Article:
The Hates | 30 Years of Hate 1978-2008

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Metal/Punk: Proto-Punk Rock: Hard Rock Moods: Featuring Guitar
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30 Years of Hate 1978-2008

by The Hates

Pure Texas punk from before punk rock was cool; a fast and furious, tongue-in-cheek, razor-edged musical manifesto against the status quo.
Genre: Metal/Punk: Proto-Punk
Release Date: 

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1. Gonna Get Pissed Tonight
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2:49 $0.99
2. Big Brother
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2:55 $0.99
3. Dirty Politics
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2:23 $0.99
4. I've Had Enough
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3:20 $0.99
5. Panic in the City
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2:32 $0.99
6. Get Wild
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4:17 $0.99
7. Don't Push Me Around
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1:47 $0.99
8. Game as Ned
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1:59 $0.99
9. No Compromise
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2:03 $0.99
10. Drop the Bomb
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2:26 $0.99
11. Easy Street
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1:23 $0.99
12. Armageddon
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4:08 $0.99
13. Moral Majority
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2:39 $0.99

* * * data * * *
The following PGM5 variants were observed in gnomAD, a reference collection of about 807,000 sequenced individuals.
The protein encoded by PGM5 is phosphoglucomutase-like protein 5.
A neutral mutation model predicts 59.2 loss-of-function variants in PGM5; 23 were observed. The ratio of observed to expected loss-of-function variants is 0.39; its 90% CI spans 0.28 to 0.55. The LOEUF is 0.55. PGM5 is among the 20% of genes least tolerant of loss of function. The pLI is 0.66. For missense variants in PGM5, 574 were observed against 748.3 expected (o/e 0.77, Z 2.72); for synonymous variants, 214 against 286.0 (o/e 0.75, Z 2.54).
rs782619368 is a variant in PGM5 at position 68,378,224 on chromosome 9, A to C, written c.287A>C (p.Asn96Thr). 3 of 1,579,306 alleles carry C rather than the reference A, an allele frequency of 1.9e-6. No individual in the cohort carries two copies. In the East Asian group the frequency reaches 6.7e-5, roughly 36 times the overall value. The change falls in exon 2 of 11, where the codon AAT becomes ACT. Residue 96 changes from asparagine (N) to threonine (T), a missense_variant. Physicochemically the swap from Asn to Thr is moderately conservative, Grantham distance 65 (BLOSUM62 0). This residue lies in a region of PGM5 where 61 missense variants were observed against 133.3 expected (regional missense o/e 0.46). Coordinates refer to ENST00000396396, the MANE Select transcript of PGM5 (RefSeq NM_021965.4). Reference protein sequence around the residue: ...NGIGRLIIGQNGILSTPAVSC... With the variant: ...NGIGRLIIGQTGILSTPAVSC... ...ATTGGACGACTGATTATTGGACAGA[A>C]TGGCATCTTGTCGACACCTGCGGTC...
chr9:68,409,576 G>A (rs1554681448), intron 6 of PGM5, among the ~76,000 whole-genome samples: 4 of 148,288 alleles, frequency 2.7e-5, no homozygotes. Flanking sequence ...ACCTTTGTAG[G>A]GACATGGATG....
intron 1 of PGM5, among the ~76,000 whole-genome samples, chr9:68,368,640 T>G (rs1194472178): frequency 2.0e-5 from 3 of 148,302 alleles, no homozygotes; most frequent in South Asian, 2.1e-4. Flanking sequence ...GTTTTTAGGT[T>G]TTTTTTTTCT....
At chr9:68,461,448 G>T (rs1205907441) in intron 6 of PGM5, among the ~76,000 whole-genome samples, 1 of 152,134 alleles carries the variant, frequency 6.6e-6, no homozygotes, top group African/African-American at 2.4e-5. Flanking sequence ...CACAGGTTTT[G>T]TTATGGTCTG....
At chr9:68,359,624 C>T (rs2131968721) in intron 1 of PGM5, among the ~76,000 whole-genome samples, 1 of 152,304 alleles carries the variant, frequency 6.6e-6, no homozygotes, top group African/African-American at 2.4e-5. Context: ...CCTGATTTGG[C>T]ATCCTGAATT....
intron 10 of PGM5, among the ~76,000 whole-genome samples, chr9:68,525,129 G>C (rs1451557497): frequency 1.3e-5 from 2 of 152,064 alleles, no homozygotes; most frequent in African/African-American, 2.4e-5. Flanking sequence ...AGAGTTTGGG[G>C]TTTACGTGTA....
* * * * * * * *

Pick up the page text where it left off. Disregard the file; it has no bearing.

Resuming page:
14. Allegiance to None
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2:02 $0.99
15. Money Talks
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2:46 $0.99
16. Empty Promises
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2:30 $0.99
17. Running Riot
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3:42 $0.99
18. Emergency
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1:48 $0.99
19. What am I Living For
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20. Knees Up
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ABOUT THIS ALBUM


Album Notes
The Hates’ unlikely debut was at a black tie affair in downtown Houston on December 15, 1978 opening for Louisiana’s King of Zydeco, Clifton Chenier under the name of Guyana Boys Choir. Dropping the moniker but keeping the material, frontman Christian Arnheiter and bassist Robert Kainer recruited Glenn Sorvisto to play drums. This lineup recorded two EPs and ushered in the next decade performing “No Talk in the Eighties” at the stroke of midnight, December 31st, 1979 on the stage of the now-defunct Paradise Island. When the rhythm section graduated high school, Glenn moved to San Francisco and Robert went on to attend the University of Texas in Austin. Christian then filled out the lineup with 17-year old Lawrence Baker and San Antonio medical student Paul Minot. Together they recorded the Hates’ first
eight-song 12” vinyl LP entitled, Panacea. But the Hates would see numerous personnel changes over the next few years due to the scarcity of venues that welcomed their kind of music.

In 1990, Christian made a back-to-basics effort to redefine his vision of punk. The outcome was an uncompromising minimalist landscape that evolved into the band’s next offering to the masses. Bassist Eric Andrews and drummer John Hawkins, provided the fire to temper Arnheiter’s 13-song manifesto, a cassette tape christened New World Oi. Long after this lineup’s demise, a German record label, Bullet, released this punk rock proclamation on CD.

The next incarnation of the Hates, with Screech pounding on drums and Daid Deviant burning up the bass, finally invaded the mainstream by playing outdoor events and short-lived venues while shooting videos and recording the most material to date. Texas Insanity and Greatest Hates were the crowning achievements before it was all said and done. After slugging it out amongst the over-21 bar Neanderthals or the catering to the occasional kiddy-friendly events, Daid sided with Christian when he inducted Joel Mora to take over the drums. Their efforts produced 1999’s Forbidden Existence, which unleashed politically-charged lyrics in a music form that was now referred to as “old school” onto a Y2K-obsessed society.